Oil refineryOil refinery (milan degraeve / Unsplash)

In a stark response to the recent testimony of Canada’s leading oil and gas executives, Salomé Sané, Climate Campaigner for Greenpeace Canada, expressed profound disappointment. Addressing the executives’ failure to acknowledge their role in the climate crisis, Sané stated:

“Big Oil executives evaded every question about their responsibility in fueling the climate crisis and the costs of climate inaction while refusing to commit to any specific investments in reducing emissions or renewable energy. This charade has to stop. It is untenable for communities to bear the costs of extreme weather like flood damage to homes or emergency wildfire evacuations, while greedy fossil fuel companies continue to exacerbate the climate crisis. We need the Canadian government to step up and hold Big Oil accountable by making them pay into a new Climate Recovery Fund. This fund would provide financial support directly to communities and local governments to repair, rebuild, and adapt to future climate change impacts.”

This week saw CEOs from Canada’s largest oil sands companies, including Suncor Energy, Imperial Oil, Cenovus Energy, Enbridge, and Shell, testify before lawmakers in Ottawa. These executives expressed support for a carbon tax but strongly opposed the proposed federal cap on oil and gas emissions. During the video conference with Canada’s House of Commons committee, they discussed their emission reduction strategies but fell short of committing to substantial investments in renewable energy.

Government Introduces Emission Cap Framework

On December 7, 2023, the Canadian Government unveiled the Regulatory Framework for an Oil and Gas Sector Greenhouse Gas Emissions Cap. This ambitious framework aims to implement a cap-and-trade system under the Canadian Environmental Protection Act, setting controlled limits on emissions from the oil and gas sector. The regulations are designed to ensure a gradual reduction in greenhouse gas (GHG) emissions from the upstream and liquefied natural gas (LNG) subsectors, with a goal of achieving net-zero emissions by 2050. Despite these efforts, GHG emissions in Canada continue to rise.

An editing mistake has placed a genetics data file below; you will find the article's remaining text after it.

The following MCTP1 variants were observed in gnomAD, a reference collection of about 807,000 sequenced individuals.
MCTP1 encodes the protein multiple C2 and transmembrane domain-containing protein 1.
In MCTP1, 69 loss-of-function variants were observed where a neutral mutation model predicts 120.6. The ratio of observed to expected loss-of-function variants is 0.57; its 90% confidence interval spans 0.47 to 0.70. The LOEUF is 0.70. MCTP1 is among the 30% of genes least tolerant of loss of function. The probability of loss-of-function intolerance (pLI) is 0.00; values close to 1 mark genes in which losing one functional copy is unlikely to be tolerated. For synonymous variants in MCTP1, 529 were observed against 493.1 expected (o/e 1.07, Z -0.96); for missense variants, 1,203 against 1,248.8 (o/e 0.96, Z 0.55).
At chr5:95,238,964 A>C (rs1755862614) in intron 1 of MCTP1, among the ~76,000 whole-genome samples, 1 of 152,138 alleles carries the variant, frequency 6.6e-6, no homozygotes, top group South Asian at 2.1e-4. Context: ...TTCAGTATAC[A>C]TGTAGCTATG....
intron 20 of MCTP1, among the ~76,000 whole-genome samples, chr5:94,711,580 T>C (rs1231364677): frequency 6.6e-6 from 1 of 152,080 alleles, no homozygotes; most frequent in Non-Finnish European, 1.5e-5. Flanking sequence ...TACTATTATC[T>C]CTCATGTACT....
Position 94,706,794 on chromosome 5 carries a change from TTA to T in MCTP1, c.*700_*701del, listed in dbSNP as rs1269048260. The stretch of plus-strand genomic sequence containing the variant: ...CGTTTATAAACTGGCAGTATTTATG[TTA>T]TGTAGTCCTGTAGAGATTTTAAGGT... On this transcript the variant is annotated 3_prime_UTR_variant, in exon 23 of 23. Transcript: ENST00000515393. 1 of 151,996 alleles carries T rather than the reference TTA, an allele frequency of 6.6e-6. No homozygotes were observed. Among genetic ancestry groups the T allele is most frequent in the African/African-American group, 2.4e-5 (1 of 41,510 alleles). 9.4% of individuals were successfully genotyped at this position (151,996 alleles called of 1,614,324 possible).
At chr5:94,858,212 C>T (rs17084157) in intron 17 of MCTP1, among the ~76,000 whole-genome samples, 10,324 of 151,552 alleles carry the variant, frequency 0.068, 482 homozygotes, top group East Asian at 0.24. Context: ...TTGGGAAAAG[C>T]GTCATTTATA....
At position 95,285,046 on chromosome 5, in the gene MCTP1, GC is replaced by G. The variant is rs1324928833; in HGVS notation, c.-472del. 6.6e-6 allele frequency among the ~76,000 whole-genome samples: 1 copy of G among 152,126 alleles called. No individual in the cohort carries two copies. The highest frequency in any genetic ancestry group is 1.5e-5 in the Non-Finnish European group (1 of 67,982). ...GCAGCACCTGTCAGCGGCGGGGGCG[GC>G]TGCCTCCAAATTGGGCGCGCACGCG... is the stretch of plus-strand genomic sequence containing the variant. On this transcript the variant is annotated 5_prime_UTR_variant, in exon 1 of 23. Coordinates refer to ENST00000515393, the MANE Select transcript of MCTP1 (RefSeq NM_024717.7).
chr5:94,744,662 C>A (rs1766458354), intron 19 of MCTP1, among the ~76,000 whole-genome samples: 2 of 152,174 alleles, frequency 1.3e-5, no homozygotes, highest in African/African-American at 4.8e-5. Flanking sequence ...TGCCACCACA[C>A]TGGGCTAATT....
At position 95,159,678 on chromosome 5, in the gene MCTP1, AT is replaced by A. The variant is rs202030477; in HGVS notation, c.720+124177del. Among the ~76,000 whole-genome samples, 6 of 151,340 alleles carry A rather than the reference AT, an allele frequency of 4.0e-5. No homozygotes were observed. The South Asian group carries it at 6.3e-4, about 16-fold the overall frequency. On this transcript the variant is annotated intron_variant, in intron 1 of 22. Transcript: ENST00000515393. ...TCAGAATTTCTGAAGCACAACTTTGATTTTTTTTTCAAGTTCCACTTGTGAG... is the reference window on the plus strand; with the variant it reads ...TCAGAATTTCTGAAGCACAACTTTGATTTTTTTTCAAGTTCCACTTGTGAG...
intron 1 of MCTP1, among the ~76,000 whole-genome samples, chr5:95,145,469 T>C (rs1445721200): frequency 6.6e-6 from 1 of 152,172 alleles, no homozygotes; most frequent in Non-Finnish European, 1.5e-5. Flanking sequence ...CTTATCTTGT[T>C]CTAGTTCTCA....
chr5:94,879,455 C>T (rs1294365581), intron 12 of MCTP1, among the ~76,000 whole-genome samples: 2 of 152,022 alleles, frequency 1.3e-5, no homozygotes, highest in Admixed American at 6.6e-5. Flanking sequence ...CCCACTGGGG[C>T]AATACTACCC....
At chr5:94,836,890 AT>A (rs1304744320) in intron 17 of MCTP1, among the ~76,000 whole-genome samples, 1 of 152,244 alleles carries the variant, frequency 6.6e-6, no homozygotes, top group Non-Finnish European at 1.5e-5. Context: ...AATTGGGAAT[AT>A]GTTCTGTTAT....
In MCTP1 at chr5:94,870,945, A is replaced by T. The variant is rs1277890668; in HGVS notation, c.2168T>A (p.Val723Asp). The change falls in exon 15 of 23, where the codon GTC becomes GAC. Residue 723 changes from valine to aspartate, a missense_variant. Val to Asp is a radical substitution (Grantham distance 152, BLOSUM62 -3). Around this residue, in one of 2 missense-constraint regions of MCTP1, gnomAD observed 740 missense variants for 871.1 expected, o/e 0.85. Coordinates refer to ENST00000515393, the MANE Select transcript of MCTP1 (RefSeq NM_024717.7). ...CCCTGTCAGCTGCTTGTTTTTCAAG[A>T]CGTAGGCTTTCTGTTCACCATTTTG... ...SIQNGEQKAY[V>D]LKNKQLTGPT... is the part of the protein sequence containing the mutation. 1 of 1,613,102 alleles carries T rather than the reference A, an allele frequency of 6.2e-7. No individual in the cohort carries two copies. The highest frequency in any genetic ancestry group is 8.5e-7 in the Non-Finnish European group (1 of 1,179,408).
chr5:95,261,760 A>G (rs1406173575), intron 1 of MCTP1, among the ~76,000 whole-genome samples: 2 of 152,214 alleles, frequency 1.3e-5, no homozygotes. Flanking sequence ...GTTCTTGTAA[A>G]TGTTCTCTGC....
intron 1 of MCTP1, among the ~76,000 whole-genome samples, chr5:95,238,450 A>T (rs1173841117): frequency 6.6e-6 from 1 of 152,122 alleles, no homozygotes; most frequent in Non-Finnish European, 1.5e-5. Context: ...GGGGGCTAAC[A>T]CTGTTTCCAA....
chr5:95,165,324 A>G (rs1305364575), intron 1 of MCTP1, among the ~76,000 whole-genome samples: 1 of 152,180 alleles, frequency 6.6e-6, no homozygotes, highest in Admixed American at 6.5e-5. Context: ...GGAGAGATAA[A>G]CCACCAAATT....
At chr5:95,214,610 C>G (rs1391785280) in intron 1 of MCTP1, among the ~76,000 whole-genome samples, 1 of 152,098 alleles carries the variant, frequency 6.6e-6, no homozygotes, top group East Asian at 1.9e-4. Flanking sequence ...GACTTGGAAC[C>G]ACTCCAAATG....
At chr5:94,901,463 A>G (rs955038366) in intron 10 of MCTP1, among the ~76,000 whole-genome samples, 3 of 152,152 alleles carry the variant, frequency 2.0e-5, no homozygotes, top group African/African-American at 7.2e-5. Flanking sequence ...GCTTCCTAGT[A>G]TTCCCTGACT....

Industry Response and Investments

Rich Kruger, CEO of Suncor, highlighted his company’s substantial investments in projects aimed at transitioning to alternative fuels and generating low-carbon power. These initiatives include:

  • Energy Efficiency Projects: Enhancing operational efficiency to reduce overall emissions.
  • Renewable Fuels Facilities: Building and operating facilities that produce renewable energy.
  • Emission-Reducing Technologies: Testing new technologies for in situ extraction to lower emissions.
  • Carbon Capture and Sequestration: Participating in the oil sands Pathways Alliance, a collaborative effort to capture and store carbon emissions.

The Call for Accountability

Despite these investments, Greenpeace Canada and other environmental advocates argue that these efforts are insufficient given the scale of the climate crisis. They call for more aggressive measures and greater accountability from the oil and gas sector. The proposed Climate Recovery Fund is a critical component of this call to action, designed to provide financial support to communities affected by climate change, enabling them to repair, rebuild, and adapt to future climate impacts.

Conclusion

The testimony of Canada’s oil and gas executives has sparked a renewed debate about the industry’s role in the climate crisis. While some progress is being made, environmental advocates like Greenpeace Canada insist that more needs to be done. They urge the Canadian government to hold Big Oil accountable and to ensure that these companies contribute fairly to the costs of climate mitigation and adaptation. As the climate crisis continues to escalate, the call for meaningful action and corporate responsibility grows ever louder.